I was asked recently if I had a favourite image which I had made? In all honesty I don’t think I do, although there are a number which I could name in a top ten. I do though remember reading that someone else when asked the same question replied – ‘The next one I am going to take.’ I rather like this response as it suggests a desire to constantly improve, believing that your next photograph will be better than the last and all those in your back catalogue. It also infers that the last image taken must be a favourite for at least it’s tangible and not a figment of the imagination – or is it? I’ll come back to this question later, as it’s relevant to the photograph in this post.

As far as a ‘favourite camera’ is concerned, well that’s easy for me to answer. It’s my Leica M Monochrom which I have been using for the last couple of years. It’s built like a tank, feels so good in the hand and the simplicity of its controls put me in complete control. It doesn’t have a multitude of programmable buttons, nor pages and pages of menus, which only serve to confuse, and nor does it come with a manual which might take the best part of a week to read, let alone understand. More importantly though the Monochrom together with the exceptional Leica lenses produces the images I am seeking to achieve with post processing and careful printing. The next incarnation of the Leica M Rangefinder must be just round the corner but I think its unlikely I will want to upgrade. The Monochrom has many idiosyncrasies, but I love it and the cost of upgrading is quite likely to be prohibitive anyway.

Given my feelings towards the Leica Monochrom, I am not that interested in the latest camera technology although to digress for a moment I was intrigued to learn about a new camera being developed by a company called Light. The camera is called the L16 and has the appearance of a large mobile phone, but instead of one lens and sensor there are 16. On pressing the shutter the camera software combines all the exposures from each of the sensors to produce one image. According to their website this can be up to 52 megapixels in size, with low noise and covering a focal range equivalent of 28mm to 150mm. The depth of field and other adjustments can be manipulated in post processing. Is this the future of camera technology, I don’t know, but nothing stays the same, so it will be interesting to see what happens when it actually hits the streets.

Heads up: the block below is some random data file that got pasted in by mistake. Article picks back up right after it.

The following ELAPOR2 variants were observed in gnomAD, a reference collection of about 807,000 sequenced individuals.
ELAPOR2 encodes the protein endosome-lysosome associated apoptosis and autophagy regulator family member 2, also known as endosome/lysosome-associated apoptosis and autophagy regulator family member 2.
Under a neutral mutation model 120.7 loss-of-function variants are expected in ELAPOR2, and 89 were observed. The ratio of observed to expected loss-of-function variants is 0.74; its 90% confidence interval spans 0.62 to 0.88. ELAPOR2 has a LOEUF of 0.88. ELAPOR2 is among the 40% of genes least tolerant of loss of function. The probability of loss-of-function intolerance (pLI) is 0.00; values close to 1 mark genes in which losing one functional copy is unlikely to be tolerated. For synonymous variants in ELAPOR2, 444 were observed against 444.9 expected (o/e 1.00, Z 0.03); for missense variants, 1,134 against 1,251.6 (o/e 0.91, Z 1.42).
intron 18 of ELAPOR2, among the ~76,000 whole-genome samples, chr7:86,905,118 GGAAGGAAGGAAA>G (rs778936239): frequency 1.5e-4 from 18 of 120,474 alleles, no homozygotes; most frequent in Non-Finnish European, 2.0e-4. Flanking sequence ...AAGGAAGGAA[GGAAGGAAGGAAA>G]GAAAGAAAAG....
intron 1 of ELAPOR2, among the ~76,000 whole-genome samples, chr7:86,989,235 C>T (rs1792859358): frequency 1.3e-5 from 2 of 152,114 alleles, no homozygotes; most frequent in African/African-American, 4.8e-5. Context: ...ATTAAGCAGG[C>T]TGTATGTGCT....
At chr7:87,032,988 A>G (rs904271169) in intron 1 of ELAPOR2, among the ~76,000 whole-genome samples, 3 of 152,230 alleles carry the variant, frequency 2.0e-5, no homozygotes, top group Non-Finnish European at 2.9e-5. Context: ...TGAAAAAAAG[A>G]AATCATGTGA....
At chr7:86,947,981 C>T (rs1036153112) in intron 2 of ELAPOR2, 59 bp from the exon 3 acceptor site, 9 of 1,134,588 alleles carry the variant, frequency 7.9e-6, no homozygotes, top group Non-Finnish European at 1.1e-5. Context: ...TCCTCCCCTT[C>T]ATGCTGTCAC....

Back to the question I posed at the end of the first paragraph and indeed to the photograph in this post. It was taken a few days ago at St Botolph’s Church in Hardham, West Sussex. I had visited the church previously and noticed how the light was falling on the altar. I had taken some shots that day, only to find that my composition was not quite right, nor had I used the correct exposure settings. There were too many blown highlights. I decided to return, knowing in my mind the image I wanted to make. I knew which lens would give me the composition I wanted (28mm) and the likely exposure settings required to produce a malleable and workable file for post processing. I knew the time of day when the light would be in the right position, so I arrived at the church in plenty of time to get ready. The sun wasn’t as bright as it had been a day or two earlier but this proved to be a good thing. As it turned out I only had a couple of minutes to take the shot before the sun moved round and no longer illuminated the scene as I wanted it.

A favourite image or not, I like this photograph, as it will always remind me that it can be worth revisiting a location to take a particular shot that you have already pictured in your own mind.

Here are two more entries about St Botolph’s Church at Hardham.

Churches Project no.4 – St Botolph’s, Hardham, West Sussex

Thwarted by the flower arrangers at Hardham Church

 

 

Shadows of Light

Shadows of Light

 

In my last post ‘Shadows of the Wanderer’, the shadows referred to people or refugees, whereas in this shot made on the same day, shadows are formed by the strong sunlight as it pierces through the leaded light mullioned windows of the cloisters in Chichester Cathedral.

To emphasise these shapes of light I have increased the contrast, darkened the foreground, obliterating any detail in the flagstone floor whilst retaining  minimal information in the wall and around the windows themselves.

Do click on the image to view a larger version which will open in a new window.